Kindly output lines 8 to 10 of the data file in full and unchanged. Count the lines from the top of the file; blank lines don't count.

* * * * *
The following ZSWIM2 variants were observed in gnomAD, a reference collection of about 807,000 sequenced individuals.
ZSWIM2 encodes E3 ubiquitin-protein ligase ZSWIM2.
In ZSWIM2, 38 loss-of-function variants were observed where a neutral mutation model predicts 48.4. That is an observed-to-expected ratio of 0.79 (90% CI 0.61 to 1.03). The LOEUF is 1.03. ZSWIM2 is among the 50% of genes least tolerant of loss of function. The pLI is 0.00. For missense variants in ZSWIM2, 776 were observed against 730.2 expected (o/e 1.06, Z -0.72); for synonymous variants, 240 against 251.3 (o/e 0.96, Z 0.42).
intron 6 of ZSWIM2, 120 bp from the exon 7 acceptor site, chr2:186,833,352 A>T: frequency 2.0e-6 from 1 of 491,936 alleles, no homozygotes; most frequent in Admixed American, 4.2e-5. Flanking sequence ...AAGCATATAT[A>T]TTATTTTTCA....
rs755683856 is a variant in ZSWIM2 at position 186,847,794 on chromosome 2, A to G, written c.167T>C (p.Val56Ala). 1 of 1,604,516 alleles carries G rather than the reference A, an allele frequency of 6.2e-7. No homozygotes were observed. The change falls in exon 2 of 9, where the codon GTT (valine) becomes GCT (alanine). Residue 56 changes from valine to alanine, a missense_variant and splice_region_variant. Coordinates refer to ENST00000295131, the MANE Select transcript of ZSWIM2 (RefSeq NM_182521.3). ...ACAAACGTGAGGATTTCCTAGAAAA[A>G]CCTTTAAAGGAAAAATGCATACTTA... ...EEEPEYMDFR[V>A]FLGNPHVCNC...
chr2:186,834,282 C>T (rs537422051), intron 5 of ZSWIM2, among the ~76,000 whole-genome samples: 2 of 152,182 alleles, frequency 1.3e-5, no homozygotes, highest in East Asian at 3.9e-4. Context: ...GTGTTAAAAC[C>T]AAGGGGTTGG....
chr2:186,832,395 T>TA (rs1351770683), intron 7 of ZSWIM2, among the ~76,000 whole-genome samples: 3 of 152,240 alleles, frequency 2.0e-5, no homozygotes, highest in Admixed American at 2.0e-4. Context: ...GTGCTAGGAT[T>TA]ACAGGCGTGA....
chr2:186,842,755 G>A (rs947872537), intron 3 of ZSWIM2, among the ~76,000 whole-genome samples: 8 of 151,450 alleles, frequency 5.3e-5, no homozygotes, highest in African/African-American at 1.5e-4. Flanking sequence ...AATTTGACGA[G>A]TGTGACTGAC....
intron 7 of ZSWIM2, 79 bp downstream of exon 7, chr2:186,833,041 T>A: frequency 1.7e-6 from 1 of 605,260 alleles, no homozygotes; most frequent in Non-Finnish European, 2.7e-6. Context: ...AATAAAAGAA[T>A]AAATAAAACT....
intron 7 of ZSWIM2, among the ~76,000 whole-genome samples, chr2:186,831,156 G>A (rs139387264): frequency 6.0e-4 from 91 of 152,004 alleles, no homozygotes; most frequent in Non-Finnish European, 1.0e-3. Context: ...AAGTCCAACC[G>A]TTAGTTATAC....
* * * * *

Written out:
chr2:186,842,755 G>A (rs947872537), intron 3 of ZSWIM2, among the ~76,000 whole-genome samples: 8 of 151,450 alleles, frequency 5.3e-5, no homozygotes, highest in African/African-American at 1.5e-4. Flanking sequence ...AATTTGACGA[G>A]TGTGACTGAC....
intron 7 of ZSWIM2, 79 bp downstream of exon 7, chr2:186,833,041 T>A: frequency 1.7e-6 from 1 of 605,260 alleles, no homozygotes; most frequent in Non-Finnish European, 2.7e-6. Context: ...AATAAAAGAA[T>A]AAATAAAACT....
intron 7 of ZSWIM2, among the ~76,000 whole-genome samples, chr2:186,831,156 G>A (rs139387264): frequency 6.0e-4 from 91 of 152,004 alleles, no homozygotes; most frequent in Non-Finnish European, 1.0e-3. Context: ...AAGTCCAACC[G>A]TTAGTTATAC....